neurontin 800mg The Sunday Sermon: Tenth Sunday after Pentecost – July 29, 2018
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mujeres solteras en osuna What is the Role of Faith in the 21st Century?
What a month it’s been. Quick question: How many of you have been here every Sunday this month? Five of them, counting today. Five Sundays on which we have explored only a few of the deep questions, of the provocative mysteries, of our faith. This is the fifth Sunday, the “bonus Sunday” of the month, and with the past four week’s explorations behind us, we have in a real sense responded already to this morning’s sermon question.
On the first Sunday of this month, we faced a harsh reality. That reality is, we’re all going to die. So is everyone we love. That couldn’t be more obvious, of course, yet we rarely, if ever, say it out loud. But there it was four weeks ago. There it is, still. There are many ways that death can happen and we have experienced all of them in the history of the world, from the most peaceful to the most horrific deaths imaginable. But in one way or another, sooner or later, we are all going to die – you, me, every one of us.
That is sad, harsh news, indeed, except … for faith, our faith. Our Christian faith says that death is not the last word. That affirmation itself has been trivialized over two millennia of Christianity. With it, we too often have been encouraged to pretend death is less than it is because “we are believers.” We shouldn’t do that. Death is loss and it is sorrow. But it is not annihilation. We believe, we give our hearts to, a “life” after death, to a power greater than death, to a Love that conquers death. Mysterious as it is, we say “Yes” to what happens to us after we die. That’s one role faith plays in the 21st century. It gives us a certainty that if life cannot separate from the reality and Love of God, then neither will death.
On the second Sunday of this month, we faced another harsh reality. That reality is that bad things are going to happen to us “good” people. I know, we can argue about whether or not we’re “good people,” but … regardless, bad things will happen to us, have happened to us. And that too, is sad news, news made even sadder if we didn’t have our faith. Given that understanding, given the experience of bad things happening to us even when we are faithful, through our faith we discover, experience and express a “God” that is not the cause of that pain, but is in the midst of it with us. We affirm God not apart from, but deep within this community, this particular Body of Christ, and the thousands of bodies around the world like this one. We believe in, we give our hearts to, a community that we allow to hold us when those bad things happen, and to help us when we are ready. (Incidentally, this same community holds and helps us when good things happen, too, we just may not experience it as compellingly, but it’s here. We’re here.) So, that’s another role faith plays in the 21st century. Mysterious as it is, our response to why bad things happen to us is “community.”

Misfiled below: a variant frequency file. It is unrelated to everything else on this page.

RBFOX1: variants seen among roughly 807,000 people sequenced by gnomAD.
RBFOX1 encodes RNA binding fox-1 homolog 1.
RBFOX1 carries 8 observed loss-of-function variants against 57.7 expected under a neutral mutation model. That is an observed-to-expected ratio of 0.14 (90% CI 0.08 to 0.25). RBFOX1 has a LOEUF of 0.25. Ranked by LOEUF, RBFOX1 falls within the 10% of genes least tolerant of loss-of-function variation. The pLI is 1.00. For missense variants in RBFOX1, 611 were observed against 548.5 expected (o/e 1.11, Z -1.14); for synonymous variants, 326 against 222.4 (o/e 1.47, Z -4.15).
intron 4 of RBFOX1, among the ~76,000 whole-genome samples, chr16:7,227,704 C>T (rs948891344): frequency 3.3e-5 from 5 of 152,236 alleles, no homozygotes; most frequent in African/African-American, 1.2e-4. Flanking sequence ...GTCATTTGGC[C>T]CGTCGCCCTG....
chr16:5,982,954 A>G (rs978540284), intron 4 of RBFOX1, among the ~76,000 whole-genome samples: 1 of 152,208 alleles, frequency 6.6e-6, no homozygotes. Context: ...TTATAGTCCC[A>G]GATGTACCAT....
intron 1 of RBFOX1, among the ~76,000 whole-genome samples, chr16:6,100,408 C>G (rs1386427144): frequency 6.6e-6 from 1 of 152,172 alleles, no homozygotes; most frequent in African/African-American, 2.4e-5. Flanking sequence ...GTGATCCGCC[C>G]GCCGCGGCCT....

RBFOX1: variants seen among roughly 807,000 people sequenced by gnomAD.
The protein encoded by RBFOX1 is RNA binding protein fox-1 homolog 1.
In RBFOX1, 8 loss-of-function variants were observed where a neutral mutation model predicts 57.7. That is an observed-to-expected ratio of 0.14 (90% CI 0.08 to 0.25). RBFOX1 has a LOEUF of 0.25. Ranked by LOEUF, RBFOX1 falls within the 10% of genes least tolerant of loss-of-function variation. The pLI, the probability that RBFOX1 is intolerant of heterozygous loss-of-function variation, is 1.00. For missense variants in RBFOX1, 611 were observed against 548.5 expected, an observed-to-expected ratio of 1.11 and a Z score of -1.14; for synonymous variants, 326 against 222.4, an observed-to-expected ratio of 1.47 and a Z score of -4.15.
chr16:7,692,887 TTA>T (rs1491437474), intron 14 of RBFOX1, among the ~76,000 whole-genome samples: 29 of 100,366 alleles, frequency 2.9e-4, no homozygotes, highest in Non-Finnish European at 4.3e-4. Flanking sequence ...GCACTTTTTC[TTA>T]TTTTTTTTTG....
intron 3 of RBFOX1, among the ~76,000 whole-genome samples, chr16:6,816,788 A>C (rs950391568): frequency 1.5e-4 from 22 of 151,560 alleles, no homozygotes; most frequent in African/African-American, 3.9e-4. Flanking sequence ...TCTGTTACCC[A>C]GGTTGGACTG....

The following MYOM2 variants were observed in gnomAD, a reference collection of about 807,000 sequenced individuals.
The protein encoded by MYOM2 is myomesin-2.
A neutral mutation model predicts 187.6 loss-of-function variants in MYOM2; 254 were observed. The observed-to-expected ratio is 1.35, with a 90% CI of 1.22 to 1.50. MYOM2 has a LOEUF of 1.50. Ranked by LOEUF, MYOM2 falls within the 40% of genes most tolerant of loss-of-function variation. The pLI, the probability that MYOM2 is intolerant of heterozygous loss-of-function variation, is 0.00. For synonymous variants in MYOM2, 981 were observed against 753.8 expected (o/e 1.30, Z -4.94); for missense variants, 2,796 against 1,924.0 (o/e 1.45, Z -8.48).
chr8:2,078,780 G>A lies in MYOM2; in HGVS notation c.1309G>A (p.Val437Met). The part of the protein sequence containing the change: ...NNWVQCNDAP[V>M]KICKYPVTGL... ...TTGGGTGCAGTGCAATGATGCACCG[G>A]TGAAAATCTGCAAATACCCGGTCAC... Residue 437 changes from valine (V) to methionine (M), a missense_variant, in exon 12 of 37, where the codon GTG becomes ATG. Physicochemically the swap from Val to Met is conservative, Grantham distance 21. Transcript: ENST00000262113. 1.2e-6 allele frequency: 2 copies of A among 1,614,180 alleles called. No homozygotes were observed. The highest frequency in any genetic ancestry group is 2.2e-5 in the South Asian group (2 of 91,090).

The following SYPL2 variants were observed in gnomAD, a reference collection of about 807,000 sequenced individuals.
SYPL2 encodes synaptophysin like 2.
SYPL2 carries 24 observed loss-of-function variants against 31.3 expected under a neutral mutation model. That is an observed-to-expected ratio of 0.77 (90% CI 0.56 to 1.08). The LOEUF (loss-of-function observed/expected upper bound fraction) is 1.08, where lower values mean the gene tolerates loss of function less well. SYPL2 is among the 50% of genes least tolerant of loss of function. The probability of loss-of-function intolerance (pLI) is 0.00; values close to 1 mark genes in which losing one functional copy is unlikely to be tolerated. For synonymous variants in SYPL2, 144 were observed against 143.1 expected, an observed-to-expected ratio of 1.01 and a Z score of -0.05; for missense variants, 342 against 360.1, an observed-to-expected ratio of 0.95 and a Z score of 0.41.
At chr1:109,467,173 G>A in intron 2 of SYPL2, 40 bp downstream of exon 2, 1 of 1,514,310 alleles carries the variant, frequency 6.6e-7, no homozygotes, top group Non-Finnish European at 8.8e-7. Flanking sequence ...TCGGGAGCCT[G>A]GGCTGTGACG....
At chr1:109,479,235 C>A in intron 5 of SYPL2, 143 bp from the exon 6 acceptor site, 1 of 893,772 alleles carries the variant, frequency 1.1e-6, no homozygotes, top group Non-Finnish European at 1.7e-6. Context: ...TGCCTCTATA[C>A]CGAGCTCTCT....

On the third and fourth Sundays we talked just a bit about a few of our traditions, prayer and Sabbath; we talked about one of our doctrines, justification; and, we talked about two of our most special revelations of “God,” the Bible and Jesus, himself. That’s yet another role that our faith plays for us in this century. Our Christian faith gives us a traction in history, a past that we can learn from. Our Christian faith gives us practices and disciplines and teachings, a present that keeps us close to Love, to “God.” And our Christian faith reveals for us a “more perfect way,” a hope for the future.
So, it’s on that foundation – explored, expounded upon, and explained however imperfectly this past month – that we engage our final question of the month’s journey and discover the most urgent role our faith must play in our lives, in this century or any other century that Christians have or will live.
First, let’s pray together … And now, listen – really try to listen for the Word of God. The first five verses of our reading from Ephesians, verses fifteen to nineteen of chapter one. Read Ephesians 1:15-19 … How profoundly beautiful. The Word of the Lord … Thanks be to God.
Beautiful, wasn’t it? Isn’t it? We hear passages like his one, many times from Paul’s letters to the early church communities, and we feel something – if we’re really paying attention, we feel something. “God” in the biggest, broadest, deepest ways is “at work.” We hear God acting “for us” and “upon us” and before we think too much about it, we feel God at work as we read these “cosmic” scriptures: spirits of wisdom and revelation, eyes of enlightened hearts, riches of glorious inheritances, and immeasurable greatness. We feel it.
But, I think, we don’t get it. Do you?
This passage and almost all like it are not ultimately about God. Even though we begin “theologically” (Yes?!) and God is powerfully present, this passage is about us, about God acting not simply “for us and upon us,” but “with us and through us.” Paul’s prayer is that we get busy doing what Jesus did in his lifetime and what God, in Christ, never stops doing: bringing the Kingdom of God to earth. That, I believe with all my heart, is the “role of Faith in the 21st century:”
Buttressed with the certainty of eternal life (however we may imagine it), equipped by and with a community that sustains us in our living, supplied with practices and teachings that constantly remind us of and reconnect us to the source of our power, and provided with scripture and with a human life that reveal to us “the Way,” our faith must be used to transform the world. Otherwise it remains passive, and comfortable, and ultimately self-serving.